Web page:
Lesson 7 - What if the renter wants to end the lease early and move out?
If a landlord does not respond quickly with repairs the renter may want to end their lease early and move out entirely. There is a specific timeline renters must follow to end their lease legally.
Renters may also want to end their lease early and move out if there the issue was caused by someone who is not a renter or an employee of the landlord, the landlord has reasonably tried to fix the issue, and is unable to fix it for reasons beyond the landlord’s control.
Sometimes when a landlord fixes an issue, it can be a temporary fix. The issue may come back and cause problems again. If the issue was fixed, and has come back within 6 months, renters have different rights. Learn more about repeat issues in Lesson 9.
Renters should make sure they have already told their landlord about the issue in writing. Review how to write a first letter in Lesson 3. Once a landlord receives this first letter from their renter about a breach in the Warranty of Habitability law, they are required to:
- 1.Respond to the renter within 24 hours
- Include a plan for resolving the issue
- An estimate of when the work will start
- An estimate of when the work will be finished
- 2.Start fixing the issue within 96 hours (or 24 hours if it’s an emergency issue)
- 3.Finish fixing the issue without unnecessary delay
If a landlord is not responding on time and the renter wants to end their lease and move out, then the renter needs to send a second letter to their landlord. This second letter gives the landlord one last opportunity to fix the issue within 5 business days. Renters can use our free form to create this second letter, telling their landlord that they would like to end their lease early and move out. If the landlord does not start fixing the issue within 5 business days of getting this second letter, the renter can move out.
Landlords can request in the lease that renters communicate with them in a specific way. They may ask for a letter in the mail, an email, or even a text message.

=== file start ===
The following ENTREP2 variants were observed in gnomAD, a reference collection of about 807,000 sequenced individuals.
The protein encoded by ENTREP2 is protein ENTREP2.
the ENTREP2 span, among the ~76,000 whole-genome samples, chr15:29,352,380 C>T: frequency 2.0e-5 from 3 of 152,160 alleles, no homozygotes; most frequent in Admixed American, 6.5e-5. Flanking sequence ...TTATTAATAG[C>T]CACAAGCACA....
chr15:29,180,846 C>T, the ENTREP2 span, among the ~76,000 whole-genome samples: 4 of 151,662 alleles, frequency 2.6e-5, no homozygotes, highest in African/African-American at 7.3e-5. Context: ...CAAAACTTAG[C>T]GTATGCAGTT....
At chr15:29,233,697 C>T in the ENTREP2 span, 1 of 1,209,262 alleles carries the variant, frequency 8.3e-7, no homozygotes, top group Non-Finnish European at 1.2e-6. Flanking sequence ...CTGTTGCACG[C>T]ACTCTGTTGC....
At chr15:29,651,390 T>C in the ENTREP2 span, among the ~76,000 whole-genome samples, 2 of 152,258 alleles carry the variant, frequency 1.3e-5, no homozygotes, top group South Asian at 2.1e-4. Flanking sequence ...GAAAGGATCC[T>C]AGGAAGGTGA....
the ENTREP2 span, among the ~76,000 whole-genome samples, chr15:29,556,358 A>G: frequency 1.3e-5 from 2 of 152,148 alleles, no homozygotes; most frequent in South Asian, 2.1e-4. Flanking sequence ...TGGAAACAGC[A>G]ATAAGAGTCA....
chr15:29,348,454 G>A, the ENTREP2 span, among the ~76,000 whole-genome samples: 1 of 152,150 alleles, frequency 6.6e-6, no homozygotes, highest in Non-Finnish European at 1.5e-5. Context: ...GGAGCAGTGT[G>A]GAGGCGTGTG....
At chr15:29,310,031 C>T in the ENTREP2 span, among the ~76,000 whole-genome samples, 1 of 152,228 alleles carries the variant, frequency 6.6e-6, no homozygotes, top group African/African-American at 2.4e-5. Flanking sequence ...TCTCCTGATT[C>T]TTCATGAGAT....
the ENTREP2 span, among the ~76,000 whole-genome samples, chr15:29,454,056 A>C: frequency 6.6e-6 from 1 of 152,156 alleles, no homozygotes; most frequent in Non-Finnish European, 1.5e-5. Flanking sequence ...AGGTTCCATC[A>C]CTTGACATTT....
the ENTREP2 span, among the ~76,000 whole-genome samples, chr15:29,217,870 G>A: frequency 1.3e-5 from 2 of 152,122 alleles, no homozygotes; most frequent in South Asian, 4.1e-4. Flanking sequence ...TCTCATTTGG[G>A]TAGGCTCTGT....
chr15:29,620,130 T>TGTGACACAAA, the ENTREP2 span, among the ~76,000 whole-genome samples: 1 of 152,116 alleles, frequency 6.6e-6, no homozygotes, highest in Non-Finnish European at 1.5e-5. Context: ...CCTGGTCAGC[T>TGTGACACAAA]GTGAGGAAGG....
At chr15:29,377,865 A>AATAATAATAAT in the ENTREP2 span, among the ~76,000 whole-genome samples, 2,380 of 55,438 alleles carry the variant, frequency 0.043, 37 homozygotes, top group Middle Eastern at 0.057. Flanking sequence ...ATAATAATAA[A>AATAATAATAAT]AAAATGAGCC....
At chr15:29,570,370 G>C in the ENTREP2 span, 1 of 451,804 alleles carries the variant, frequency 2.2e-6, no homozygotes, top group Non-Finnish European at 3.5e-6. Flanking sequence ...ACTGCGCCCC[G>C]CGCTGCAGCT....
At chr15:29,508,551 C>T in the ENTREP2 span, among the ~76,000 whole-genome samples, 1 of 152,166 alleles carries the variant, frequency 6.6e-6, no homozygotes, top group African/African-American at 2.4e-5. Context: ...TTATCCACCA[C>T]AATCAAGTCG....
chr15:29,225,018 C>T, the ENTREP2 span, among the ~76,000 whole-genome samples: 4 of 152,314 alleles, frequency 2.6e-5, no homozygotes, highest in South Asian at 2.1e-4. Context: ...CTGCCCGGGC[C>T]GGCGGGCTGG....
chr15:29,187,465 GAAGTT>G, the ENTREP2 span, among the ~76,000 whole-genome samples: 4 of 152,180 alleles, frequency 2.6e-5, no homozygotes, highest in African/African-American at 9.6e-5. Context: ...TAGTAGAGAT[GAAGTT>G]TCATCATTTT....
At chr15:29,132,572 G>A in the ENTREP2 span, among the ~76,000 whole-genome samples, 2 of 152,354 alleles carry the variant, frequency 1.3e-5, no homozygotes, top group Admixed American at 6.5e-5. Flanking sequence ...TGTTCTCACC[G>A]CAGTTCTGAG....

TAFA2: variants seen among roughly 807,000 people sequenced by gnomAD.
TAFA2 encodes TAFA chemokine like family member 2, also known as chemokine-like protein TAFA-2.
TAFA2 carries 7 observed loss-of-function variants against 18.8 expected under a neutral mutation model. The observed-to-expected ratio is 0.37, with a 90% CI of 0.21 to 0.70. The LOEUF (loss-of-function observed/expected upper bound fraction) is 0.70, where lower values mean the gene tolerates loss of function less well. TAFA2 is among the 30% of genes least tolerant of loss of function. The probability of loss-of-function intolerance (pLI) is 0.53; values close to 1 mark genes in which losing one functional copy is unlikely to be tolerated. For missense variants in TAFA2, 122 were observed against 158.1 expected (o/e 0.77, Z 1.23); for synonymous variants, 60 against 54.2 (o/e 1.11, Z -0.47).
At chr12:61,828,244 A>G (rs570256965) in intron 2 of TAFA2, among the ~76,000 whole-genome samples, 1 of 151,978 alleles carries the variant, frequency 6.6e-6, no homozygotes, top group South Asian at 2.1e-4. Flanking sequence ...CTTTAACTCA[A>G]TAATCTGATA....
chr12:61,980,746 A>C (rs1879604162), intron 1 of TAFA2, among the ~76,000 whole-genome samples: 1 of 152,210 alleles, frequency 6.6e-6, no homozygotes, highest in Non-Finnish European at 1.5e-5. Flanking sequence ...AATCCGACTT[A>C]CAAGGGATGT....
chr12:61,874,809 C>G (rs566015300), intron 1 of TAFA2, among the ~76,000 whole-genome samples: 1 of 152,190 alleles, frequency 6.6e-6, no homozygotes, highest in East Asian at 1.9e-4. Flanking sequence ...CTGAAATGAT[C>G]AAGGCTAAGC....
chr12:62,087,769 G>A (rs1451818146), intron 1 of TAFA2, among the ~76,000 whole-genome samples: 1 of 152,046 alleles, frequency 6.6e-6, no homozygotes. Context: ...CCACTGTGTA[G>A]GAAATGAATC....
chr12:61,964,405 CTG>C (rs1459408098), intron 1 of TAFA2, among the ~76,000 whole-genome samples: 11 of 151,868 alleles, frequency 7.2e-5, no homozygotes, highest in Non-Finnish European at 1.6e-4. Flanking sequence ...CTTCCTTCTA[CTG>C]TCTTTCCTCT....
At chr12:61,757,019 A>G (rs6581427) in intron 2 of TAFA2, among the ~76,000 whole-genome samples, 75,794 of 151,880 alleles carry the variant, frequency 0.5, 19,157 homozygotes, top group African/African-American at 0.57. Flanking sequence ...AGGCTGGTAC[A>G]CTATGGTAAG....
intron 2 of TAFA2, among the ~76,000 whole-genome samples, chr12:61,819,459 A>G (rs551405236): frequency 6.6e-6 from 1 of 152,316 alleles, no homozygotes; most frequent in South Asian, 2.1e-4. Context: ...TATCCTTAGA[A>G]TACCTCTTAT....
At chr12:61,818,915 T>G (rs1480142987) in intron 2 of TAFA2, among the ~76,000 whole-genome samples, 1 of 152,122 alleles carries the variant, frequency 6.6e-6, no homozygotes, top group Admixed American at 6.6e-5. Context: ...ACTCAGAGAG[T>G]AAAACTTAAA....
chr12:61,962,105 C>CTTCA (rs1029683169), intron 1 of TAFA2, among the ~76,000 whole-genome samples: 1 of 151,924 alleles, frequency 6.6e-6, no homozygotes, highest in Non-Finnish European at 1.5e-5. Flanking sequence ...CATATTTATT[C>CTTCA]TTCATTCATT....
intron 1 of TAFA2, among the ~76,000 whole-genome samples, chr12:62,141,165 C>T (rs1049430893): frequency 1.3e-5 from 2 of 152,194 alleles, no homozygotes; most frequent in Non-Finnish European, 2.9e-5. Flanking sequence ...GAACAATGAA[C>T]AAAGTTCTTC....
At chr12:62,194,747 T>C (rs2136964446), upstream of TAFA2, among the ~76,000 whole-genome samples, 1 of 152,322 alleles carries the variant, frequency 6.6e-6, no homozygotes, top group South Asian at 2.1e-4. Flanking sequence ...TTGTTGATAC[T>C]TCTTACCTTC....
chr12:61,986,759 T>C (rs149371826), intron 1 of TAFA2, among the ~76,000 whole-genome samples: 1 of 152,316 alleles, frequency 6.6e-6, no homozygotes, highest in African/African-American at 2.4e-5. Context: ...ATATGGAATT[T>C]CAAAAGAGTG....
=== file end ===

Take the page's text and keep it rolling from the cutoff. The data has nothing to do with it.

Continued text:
- 1.If a lease says renters must communicate in a specific way, you should use that method.
- 2.If the landlord does not specify in the lease, you should communicate the way you have in the past.
- 3.If you have not communicated with your landlord in the past, you can send your letter
- In an e-mail
- With certified mail or USPS first class
- If you live in an apartment, you can also bring the letter to the business
If a landlord has not responded or started to fix the issue on time required after getting the first letter, a renter can send a second letter about ending their lease. This second letter gives the landlord 5 business days to start fixing the issue. If the landlord starts fixing the issue within 5 business days, the renter can NOT end their lease early. If the landlord does not start fixing the issue after 5 business days, the renter can end the lease and move out in the next 10 to 30 days and end their lease. Renters can send a third letter to their landlord, letting them know that 5 business days have passed and what date the renter will be moving out. This letter is optional but recommended. Renters can use our free form to create this third letter to their landlord.
If it has been more than 30 days or if you have questions about how this applies to your situation or if you need additional help, you can contact the Colorado Poverty Law Project.